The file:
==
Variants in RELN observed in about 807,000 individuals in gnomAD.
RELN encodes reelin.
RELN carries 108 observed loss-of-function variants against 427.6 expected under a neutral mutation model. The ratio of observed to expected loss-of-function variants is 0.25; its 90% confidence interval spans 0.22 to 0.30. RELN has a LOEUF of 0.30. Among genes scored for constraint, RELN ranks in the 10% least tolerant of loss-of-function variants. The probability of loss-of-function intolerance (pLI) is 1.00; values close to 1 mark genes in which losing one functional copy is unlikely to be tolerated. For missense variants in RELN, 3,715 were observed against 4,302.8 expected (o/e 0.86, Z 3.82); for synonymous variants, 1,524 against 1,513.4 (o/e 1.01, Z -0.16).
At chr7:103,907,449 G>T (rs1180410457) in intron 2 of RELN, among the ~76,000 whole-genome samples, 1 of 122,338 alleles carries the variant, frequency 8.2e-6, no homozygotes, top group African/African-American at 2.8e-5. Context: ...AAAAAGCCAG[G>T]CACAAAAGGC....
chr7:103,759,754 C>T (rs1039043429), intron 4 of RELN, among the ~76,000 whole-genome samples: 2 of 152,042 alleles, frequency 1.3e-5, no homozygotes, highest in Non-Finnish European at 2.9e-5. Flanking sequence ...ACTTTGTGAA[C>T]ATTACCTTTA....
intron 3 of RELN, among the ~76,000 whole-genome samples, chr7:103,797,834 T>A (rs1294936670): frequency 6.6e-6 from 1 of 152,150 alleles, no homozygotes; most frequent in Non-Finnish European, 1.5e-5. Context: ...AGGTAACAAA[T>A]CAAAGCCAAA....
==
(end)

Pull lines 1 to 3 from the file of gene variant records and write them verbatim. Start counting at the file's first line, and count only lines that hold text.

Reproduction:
Variants in RELN observed in about 807,000 individuals in gnomAD.
RELN encodes reelin.
RELN carries 108 observed loss-of-function variants against 427.6 expected under a neutral mutation model. The ratio of observed to expected loss-of-function variants is 0.25; its 90% confidence interval spans 0.22 to 0.30. RELN has a LOEUF of 0.30. Among genes scored for constraint, RELN ranks in the 10% least tolerant of loss-of-function variants. The probability of loss-of-function intolerance (pLI) is 1.00; values close to 1 mark genes in which losing one functional copy is unlikely to be tolerated. For missense variants in RELN, 3,715 were observed against 4,302.8 expected (o/e 0.86, Z 3.82); for synonymous variants, 1,524 against 1,513.4 (o/e 1.01, Z -0.16).